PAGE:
The following is a cross-post from the Administration for Community Living (ACL) Blog. The blog is written by Aaron Bishop, Commissioner for the Administration on Intellectual and Developmental Disabilities under ACL.
As Developmental Disabilities Awareness Month draws to a close, it is important that we take time to reflect on the values embodied within the Developmental Disabilities Assistance and Bill of Rights Act of 2000. The DD Act, as it is commonly known, ensures that people with developmental disabilities in the United States and their families have access to services and supports that promote self-determination, independence, and inclusion in their communities.
The nearly 5 million Americans with developmental disabilities represent a vast diversity of backgrounds, experiences and cultures. This is why the DD Act specifically calls for the services and supports it provides to be delivered “… in a manner that is responsive to the beliefs, interpersonal styles, attitudes, language, and behaviors of individuals who are receiving the services …”
To make the DD Act’s vision a reality, AIDD is actively taking steps to increase the cultural competency of our leaders, staff, and decision makers across the developmental disability network.
Why do cultural competency and diversity matter?
The 2010 census figures vividly illustrate that racial and ethnic minority communities are growing at a much faster pace than the current majority population, white Americans. Trends in immigration and birth rates indicate that by 2050 there will be no majority racial or ethnic group in the nation. We are already seeing this in our schools; this spring, for the first time in U.S. history, more students of color will be graduating from high school than white Americans. And as ethnic diversity in the United States has increased, so too has the number of individuals with disabilities from diverse ethnic backgrounds.
People with developmental disabilities reflect the diversity of the country in many other ways as well; including in regards to gender, socio-economic status and education, just to name a few. Unfortunately, people with developmental disabilities from minority communities can face unique barriers to achieving self-determination, independence and inclusion.
For example, we know that African American and Latino boys with disabilities face school suspension and expulsion at higher rates than their peers. We also know from a project conducted by the University of Minnesota that Somali children in Minneapolis have higher rate of autism spectrum disorder than their peers, however the stigma associated with autism in the Somali community may cause families to miss out on critical early intervention opportunities.
And we know that lesbian, gay, bisexual, and transgender young people who are living with intellectual disabilities have unique sexual health needs. Well-meaning attempts to protect gender and sexual minority youth by limiting their autonomy can inadvertently put this population at risk for a range of negative health consequences.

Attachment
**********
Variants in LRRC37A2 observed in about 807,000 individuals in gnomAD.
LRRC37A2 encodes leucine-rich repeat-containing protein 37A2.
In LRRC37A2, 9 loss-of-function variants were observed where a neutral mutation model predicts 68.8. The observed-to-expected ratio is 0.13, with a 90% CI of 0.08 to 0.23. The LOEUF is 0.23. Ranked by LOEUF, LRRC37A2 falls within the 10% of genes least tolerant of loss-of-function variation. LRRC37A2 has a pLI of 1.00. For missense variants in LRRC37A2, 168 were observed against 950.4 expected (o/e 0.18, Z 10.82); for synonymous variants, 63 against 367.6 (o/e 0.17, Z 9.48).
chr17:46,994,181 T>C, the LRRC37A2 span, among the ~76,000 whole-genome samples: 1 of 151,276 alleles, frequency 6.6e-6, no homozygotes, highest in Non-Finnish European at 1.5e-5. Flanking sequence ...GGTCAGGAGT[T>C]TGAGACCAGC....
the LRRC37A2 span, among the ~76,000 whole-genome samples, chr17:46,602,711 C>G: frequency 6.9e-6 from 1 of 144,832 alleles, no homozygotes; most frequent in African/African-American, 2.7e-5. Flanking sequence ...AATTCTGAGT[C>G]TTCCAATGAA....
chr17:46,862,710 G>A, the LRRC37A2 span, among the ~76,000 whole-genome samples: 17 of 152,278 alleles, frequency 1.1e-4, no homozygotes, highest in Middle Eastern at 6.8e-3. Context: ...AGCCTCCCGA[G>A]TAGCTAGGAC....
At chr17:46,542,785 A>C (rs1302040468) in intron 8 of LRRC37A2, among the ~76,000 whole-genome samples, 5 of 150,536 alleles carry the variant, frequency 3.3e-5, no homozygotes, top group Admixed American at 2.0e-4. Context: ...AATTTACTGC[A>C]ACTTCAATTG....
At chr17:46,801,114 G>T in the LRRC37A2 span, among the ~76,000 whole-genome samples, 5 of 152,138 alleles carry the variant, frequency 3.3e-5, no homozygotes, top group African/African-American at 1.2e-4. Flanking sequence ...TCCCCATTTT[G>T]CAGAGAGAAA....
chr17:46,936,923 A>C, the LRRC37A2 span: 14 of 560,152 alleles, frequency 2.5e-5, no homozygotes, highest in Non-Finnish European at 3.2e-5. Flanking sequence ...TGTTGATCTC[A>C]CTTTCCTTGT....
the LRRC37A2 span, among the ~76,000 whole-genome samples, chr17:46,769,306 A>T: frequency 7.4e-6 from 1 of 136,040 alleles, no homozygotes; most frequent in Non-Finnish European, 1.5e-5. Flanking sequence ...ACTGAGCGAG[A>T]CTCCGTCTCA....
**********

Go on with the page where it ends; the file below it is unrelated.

These sorts of complex issues can only be addressed by building a diverse workforce and weaving inclusion and cultural competency best practices into the fabric of all services provided under and outside of the DD Act.
What is AIDD is doing to increase diversity?
The first step is working to better understand the needs of the communities that we serve to ensure that our programs provide culturally competent services. For the past two years, AIDD has been working to better understand the needs of diverse populations through data collection and research.
We are funding work by the Association of University Centers on Disability (AUCD) to develop a blueprint for cultural and linguistic competence across the nation’s 67 University Centers for Excellence in Developmental Disabilities. We have also developed workgroups within the Protection and Advocacy Agencies and Developmental Disability Councils to accomplish the same goal. And, most importantly, we are reaching out to the non-profit communities that serve under-represented groups to learn from and partner with them.
Second, AIDD will work to increase the cultural competency of our workforce. In 2014, for example, we funded a Leadership Institute for Cultural Diversity and Cultural and Linguistic Competence at the Georgetown University Center for Cultural Competence. The Institute will help our leaders to better understand the issues surrounding disability in diverse communities, and recruit a more diverse workforce. The Administration for Community Living has also instituted an agency-wide diversity initiative to strengthen the cultural competency of all programs that impact people with disabilities, older adults, and their caregivers.
Third, we have been working to increase diversity within our workforce. We are working with other agencies within HHS and across the federal government to look for ways to mutually benefit from pipeline grants and other initiatives to increase cultural and ethnic diversity of people working in social services fields (including people with disabilities). In 2016 and 2017, AIDD hopes to fund grants designed to encourage under-represented groups to take on leadership and advocacy roles in the disability community.
Finally, and most importantly, we are working to build the broadest possible definition of diversity in the foundations of all we do at AIDD and across ACL. Only then can we ensure that all people, regardless of age, ability or cultural background, have the opportunity to participate fully in our society—not just during Developmental Disabilities Awareness Month, but every day of the year.